Coming Home: Track by Track

Yungchen explores the songs on her second album

From Tibet's most exquisite voice in exile, this is a set of stunning contemporary songs of freedom and beauty in dedication to His Holiness the Dalai Lama.

1. Happiness Is…

Often, the things that we think are making us happy in reality only give the slightest, most transient happiness; ultimately they have no essence and no meaning at all. There is a way of thinking, a way of living that has meaning, and it is the happiness found on this path that we really should be searching for. Om Mani Padme Hum, the mantra of loving compassion. Find your path and follow it.

 

2. Sky

“I can fly
Fly high in the sky
On the wings of a breath, that calls out
your name.
Jetsun Drolma
Om Tare Tu Tare Ture Soha
Here are the jewels of every Queen.
The sun, the moon and the stars,
Offered on clouds of gold.
As a woman, how can you say I can’t fulfill life’s greatest accomplishments, when Jetsun Drolma attained perfect enlightenment in female form? I feel I could fly, like a bird, fly high in the sky.”

Based on teachings from Kirti Tsenshab Rinpoche

 

3. Heart

When a culture is in crisis, parents can become separated from their children and that is so sad. I am forced to live away from my son for most of the year and as a child I was separated from my family. This is a sadness so many Tibetans know. This song is about loss and yearning; feeling like a part of you is missing, praying to be reunited and to become whole again.

 

4. Per Rig Chog Sum

In 1959 many Tibetans from Kham and Amdo rode into Lhasa to join with the people there, to form a protective barricade around the Dalai Lama in the Norbulingka, fearful that he was about to be captured by the Chinese. The people’s solidarity gave His Holiness the chance to ride to freedom and set out on his long trek to India. One day, Tibetans will come from all over to ride into Lhasa, to once more see His Holiness take up his rightful place in the Norbulingka. Our horses stand ready, we wait for the hour to ride.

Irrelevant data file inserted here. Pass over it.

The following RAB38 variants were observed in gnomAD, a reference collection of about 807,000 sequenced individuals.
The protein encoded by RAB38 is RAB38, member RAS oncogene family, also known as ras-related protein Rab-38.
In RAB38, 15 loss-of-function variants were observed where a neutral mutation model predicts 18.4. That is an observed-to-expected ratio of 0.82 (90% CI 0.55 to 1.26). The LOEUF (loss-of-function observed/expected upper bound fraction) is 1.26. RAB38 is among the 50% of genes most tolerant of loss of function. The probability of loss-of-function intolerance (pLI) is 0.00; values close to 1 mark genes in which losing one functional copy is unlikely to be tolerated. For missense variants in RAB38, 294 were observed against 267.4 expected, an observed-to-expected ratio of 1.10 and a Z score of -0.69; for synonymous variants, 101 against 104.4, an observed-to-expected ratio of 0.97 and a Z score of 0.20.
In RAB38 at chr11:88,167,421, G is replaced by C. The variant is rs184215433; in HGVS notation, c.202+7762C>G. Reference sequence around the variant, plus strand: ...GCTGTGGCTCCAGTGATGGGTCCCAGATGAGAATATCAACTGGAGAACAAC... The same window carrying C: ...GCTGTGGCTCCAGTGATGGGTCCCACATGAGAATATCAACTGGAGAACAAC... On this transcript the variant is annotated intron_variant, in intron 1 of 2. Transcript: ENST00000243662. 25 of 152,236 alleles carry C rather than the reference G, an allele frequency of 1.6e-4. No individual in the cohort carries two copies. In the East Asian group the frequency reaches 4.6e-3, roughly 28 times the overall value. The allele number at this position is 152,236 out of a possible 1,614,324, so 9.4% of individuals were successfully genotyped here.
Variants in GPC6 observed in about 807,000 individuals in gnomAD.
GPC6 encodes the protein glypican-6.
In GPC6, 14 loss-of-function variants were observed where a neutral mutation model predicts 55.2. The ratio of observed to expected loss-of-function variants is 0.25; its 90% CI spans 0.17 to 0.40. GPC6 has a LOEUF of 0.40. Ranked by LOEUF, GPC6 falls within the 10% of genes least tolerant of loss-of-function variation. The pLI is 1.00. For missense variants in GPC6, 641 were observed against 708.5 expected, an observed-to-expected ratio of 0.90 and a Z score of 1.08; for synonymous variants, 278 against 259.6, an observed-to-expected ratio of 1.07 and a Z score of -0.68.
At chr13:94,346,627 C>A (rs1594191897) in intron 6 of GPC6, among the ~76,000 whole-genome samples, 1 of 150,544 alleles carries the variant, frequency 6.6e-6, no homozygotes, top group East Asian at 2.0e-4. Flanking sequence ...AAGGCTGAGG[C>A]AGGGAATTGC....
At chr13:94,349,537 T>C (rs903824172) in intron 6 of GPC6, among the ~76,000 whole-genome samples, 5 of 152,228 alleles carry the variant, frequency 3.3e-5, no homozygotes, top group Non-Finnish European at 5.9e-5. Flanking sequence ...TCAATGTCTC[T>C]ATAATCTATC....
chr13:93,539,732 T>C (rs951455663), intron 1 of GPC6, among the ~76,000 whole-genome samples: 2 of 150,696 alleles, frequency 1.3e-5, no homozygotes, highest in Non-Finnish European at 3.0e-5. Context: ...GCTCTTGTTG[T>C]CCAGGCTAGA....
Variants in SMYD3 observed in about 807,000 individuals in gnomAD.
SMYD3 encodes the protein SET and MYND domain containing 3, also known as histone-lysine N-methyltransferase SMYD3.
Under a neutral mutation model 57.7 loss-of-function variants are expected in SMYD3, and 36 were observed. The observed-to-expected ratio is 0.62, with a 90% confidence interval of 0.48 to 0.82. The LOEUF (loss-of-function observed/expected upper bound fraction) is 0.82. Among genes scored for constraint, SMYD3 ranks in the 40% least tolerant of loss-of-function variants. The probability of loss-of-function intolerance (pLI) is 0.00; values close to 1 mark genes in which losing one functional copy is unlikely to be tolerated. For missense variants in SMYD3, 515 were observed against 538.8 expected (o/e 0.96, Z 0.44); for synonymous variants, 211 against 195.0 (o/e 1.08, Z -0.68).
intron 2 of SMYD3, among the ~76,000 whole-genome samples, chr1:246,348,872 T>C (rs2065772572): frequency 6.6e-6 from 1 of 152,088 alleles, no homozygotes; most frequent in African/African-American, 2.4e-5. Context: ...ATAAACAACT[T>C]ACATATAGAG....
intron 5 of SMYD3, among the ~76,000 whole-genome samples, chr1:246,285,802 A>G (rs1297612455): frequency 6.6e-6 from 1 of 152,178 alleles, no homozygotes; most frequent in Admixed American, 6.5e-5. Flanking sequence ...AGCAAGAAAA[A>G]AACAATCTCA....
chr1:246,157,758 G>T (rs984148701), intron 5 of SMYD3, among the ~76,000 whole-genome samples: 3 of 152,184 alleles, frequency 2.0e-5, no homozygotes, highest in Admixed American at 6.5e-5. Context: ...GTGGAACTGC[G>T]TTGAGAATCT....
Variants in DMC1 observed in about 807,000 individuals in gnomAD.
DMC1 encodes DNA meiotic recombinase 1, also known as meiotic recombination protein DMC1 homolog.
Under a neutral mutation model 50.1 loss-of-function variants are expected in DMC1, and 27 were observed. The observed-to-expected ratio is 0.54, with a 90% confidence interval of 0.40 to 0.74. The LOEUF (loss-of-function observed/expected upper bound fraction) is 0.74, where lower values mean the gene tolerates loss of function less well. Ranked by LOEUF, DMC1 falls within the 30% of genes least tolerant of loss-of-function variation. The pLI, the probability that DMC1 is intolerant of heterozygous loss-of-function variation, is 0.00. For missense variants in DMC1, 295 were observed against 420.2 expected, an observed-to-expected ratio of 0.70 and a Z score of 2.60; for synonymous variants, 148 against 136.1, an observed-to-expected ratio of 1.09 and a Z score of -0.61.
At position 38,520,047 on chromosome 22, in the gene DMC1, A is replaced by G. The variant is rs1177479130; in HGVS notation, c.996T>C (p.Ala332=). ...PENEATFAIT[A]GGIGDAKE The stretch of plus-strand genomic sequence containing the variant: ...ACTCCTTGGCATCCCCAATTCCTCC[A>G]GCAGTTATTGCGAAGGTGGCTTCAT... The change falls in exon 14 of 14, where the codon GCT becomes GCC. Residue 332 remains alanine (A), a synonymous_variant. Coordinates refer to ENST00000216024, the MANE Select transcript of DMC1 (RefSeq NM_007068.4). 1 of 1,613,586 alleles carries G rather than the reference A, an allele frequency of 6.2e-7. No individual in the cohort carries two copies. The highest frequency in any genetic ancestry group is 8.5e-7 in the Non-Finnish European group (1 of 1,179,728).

5. Khyab Sangye

The amazing Guru Chenrezig, gloriously composed of all the Buddha’s refuge, please stay permanently in the crown ornament and please bestow the feat of Dharma. Since the beginning of time, we have wandered countless times through the six realms, not capable of thinking about Dharma. This life also falls under the influence of distraction. How easily this human life is exhausted just performing meaningless tasks. How sad… Oh so sad…

 

6. Ngak Pai Metog

This song is a celebration of His Holiness, winner of the Nobel Prize, who has travelled the world teaching of peace. His fame has spread far and wide; his teachings are pure and true, and have been nurtured by Tibetan culture for hundreds of years. There is great meaning to be found in the heart of Tibet and we are proud to be who we are and to have His Holiness as our guide. This is a song of pride.

 

7. Dream

One night, while living in Sydney, I had a dream that my son and I sang a song together – a song of love about the sadness of separation and the joy of being together. When I awoke, the monks in the house said they had heard me singing in the night and found on our tape recorder a recording of this song. I don’t remember waking up, nor going to record it —I think that frightened the monks a little!

 

8. Defiance

My closest and dearest childhood friend died in Tibet not long after I first reached Australia. He wasn’t shot or tortured to death like so many Tibetans; there is no one person to blame for his death —just a cruelness in the society we found ourselves. As children, hungry and poor, we played and searched for food together; we shared a closeness only children know. This is the sound of my heart breaking but refusing to be broken. Cruelty and suffering will not defeat me.

 

9. Coming Home

This is a road song, the sound of travelling the road home —a home I hope one day to reach.

Om Mani Padme Hum is the mantra of compassion, the mantra of Chenrezig. In Tibetan Buddhism, we fill prayer wheels with this mantra and spin them around as a way to generate the energy of loving compassion. The mantra is written on this disc, so in your CD player it spins just like your own prayer wheel. I hope it creates some merit.

By Oran Mullan

Published on Sun, 22 April 12

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